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Upper Gastrointestinal (UGI) Series

How It Is Done continued...

The radiologist watches the barium pass through your gastrointestinal tract camera.gif using fluoroscopy and X-ray pictures. The table is tilted at different positions and you may change positions to help spread the barium. Some gentle pressure is put on your belly with a belt or by the technologist's gloved hand. You may be asked to cough so that the radiologist can see how that changes the barium flow.

If you are having an air-contrast study, you will sip the barium liquid through a straw with a hole in it or take pills that make gas in your stomach. The air or gas that you take in helps show the lining of the stomach and intestines in greater detail.

If you are also having a small bowel study, the radiologist watches as the barium passes through your small intestine into your large intestine. X-ray pictures are taken every 30 minutes.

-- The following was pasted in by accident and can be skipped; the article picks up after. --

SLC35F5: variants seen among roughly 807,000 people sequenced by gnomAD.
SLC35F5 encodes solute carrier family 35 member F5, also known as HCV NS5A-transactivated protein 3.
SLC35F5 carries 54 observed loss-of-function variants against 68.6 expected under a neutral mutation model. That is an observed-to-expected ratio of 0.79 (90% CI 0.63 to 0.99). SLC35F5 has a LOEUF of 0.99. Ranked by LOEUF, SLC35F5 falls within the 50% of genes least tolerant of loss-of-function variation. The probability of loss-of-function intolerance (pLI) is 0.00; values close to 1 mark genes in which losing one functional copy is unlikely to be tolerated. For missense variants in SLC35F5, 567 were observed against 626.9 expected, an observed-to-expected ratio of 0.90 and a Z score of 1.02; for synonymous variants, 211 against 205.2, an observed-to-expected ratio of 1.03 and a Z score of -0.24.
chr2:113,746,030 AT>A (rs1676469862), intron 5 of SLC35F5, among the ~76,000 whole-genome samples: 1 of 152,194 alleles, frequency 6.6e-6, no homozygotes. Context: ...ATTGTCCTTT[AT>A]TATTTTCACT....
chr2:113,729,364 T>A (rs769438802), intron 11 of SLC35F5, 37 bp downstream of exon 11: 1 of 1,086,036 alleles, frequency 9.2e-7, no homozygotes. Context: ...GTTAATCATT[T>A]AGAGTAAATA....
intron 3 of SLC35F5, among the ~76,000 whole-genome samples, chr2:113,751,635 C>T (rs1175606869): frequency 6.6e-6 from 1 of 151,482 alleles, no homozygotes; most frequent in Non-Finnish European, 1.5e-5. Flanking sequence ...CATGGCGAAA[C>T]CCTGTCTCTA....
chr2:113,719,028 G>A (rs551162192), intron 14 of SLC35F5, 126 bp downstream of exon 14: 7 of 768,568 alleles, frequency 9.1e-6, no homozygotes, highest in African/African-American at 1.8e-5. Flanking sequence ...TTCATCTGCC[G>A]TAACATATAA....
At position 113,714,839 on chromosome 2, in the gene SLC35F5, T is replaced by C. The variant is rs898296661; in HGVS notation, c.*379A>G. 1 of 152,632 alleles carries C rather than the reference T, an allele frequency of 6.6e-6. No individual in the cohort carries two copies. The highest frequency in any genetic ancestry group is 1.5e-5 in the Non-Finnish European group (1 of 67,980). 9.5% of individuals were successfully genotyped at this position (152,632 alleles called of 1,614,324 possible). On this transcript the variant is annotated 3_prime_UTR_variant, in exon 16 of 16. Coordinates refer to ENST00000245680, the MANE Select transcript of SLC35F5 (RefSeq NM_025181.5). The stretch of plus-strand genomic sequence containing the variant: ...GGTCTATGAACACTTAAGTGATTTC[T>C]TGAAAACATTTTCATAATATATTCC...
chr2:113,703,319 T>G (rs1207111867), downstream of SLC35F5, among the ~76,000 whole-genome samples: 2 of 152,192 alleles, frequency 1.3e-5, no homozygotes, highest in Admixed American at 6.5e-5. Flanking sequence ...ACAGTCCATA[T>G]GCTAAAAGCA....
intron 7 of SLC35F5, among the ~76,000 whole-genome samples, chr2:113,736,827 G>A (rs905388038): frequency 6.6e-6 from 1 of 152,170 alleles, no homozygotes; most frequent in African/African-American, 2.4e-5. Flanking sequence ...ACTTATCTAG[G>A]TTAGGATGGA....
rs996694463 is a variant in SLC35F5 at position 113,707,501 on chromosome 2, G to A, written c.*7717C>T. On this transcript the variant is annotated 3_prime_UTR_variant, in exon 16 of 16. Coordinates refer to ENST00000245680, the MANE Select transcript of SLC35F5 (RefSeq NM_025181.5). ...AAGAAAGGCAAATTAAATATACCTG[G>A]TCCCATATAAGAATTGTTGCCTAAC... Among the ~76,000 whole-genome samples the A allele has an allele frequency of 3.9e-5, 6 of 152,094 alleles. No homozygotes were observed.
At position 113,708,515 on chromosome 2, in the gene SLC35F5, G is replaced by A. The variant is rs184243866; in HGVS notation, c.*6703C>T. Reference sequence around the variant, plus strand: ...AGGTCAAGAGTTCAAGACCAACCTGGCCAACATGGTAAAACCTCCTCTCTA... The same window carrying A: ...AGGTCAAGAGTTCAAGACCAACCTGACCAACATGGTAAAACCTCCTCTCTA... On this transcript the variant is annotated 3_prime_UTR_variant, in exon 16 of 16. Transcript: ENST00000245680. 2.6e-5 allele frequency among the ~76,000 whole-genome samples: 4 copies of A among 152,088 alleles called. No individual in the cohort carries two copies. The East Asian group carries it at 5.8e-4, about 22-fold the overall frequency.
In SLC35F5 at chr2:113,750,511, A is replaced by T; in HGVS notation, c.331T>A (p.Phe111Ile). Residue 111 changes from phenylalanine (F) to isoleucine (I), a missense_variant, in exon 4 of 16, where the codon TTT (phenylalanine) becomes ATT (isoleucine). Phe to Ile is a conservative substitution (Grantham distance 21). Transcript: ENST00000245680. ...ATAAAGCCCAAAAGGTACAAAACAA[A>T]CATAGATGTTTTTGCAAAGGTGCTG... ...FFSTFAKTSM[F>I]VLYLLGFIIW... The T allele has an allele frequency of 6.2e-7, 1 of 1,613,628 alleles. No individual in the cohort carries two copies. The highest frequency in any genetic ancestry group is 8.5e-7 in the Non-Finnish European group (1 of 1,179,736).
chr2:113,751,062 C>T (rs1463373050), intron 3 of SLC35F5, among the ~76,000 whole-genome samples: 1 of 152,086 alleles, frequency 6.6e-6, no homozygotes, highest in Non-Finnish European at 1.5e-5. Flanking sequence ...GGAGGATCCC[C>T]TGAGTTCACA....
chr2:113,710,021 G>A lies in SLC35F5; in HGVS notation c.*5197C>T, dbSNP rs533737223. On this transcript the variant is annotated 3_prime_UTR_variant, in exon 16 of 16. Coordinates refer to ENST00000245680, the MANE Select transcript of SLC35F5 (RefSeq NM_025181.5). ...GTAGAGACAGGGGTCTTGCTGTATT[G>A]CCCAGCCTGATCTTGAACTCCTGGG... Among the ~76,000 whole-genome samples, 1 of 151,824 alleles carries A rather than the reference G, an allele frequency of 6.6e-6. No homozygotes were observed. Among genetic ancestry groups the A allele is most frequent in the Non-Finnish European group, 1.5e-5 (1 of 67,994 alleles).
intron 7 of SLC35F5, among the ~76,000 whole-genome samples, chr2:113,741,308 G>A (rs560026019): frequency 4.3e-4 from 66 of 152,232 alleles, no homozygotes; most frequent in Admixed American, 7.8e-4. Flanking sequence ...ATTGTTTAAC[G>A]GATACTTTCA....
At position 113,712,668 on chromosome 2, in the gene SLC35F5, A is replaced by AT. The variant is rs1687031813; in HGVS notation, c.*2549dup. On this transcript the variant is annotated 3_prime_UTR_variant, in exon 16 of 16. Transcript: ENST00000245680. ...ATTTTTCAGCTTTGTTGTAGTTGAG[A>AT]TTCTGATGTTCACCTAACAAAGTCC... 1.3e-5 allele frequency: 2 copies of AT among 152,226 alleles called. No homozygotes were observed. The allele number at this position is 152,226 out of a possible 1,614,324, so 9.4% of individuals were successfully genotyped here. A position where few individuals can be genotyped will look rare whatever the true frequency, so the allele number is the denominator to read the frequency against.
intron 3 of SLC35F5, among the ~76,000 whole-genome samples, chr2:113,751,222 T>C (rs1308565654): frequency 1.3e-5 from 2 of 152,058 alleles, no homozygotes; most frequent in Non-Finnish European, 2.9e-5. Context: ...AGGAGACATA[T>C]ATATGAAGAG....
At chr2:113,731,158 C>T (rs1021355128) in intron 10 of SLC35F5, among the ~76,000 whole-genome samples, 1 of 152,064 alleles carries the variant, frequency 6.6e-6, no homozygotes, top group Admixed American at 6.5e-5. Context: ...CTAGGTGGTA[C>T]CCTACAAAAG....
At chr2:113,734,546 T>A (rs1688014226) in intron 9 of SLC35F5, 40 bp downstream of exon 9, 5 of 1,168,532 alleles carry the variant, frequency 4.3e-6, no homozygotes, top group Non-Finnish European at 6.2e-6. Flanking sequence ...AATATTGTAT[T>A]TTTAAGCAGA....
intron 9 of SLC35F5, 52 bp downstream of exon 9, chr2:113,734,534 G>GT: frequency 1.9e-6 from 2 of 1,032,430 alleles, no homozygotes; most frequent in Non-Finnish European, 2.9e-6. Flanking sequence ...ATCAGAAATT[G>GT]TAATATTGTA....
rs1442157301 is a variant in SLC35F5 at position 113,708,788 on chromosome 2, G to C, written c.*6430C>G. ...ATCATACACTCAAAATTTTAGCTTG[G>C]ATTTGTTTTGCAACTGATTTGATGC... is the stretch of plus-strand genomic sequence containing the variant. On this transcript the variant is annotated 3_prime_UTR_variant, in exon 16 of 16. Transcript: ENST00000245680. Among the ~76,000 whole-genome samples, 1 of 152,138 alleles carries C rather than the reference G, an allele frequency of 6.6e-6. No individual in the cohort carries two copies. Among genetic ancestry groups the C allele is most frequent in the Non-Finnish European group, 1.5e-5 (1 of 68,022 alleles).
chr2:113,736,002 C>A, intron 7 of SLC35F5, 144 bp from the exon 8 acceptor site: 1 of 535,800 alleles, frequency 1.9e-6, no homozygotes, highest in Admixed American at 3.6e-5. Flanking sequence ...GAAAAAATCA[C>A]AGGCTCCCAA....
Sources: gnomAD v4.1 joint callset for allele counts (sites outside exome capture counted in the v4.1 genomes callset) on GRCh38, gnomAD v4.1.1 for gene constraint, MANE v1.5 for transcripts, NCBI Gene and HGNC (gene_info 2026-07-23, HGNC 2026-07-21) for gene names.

The UGI series takes 30 to 40 minutes. The UGI series with a small bowel study takes 2 to 6 hours. In some cases, you may be asked to return after 24 hours to have more X-ray pictures taken.

After the test

When the UGI series is done, you may eat and drink whatever you like, unless your doctor tells you not to.

You may be given a laxative or enema to flush the barium out of your intestines after the test to prevent constipation. Drink a lot of fluids for a few days to flush out the barium.

How It Feels

The barium liquid is thick and chalky, and some people find it hard to swallow. A sweet flavor, like chocolate or strawberry, is used to make it easier to drink. Some people do not like it when the X-ray table tilts. You may find that pressure on your belly is uncomfortable. After the test, many people feel bloated and a little nauseated.

For 1 to 3 days after the test, your stool (feces) will look white from the barium. Call your doctor if you are not able to have a bowel movement in 2 to 3 days after the test. If the barium stays in your intestine, it can harden and cause a blockage. If you become constipated, you may need to use a laxative to pass a stool.

WebMD Medical Reference from Healthwise

Last Updated: /2, 14 1
This information is not intended to replace the advice of a doctor. Healthwise disclaims any liability for the decisions you make based on this information.

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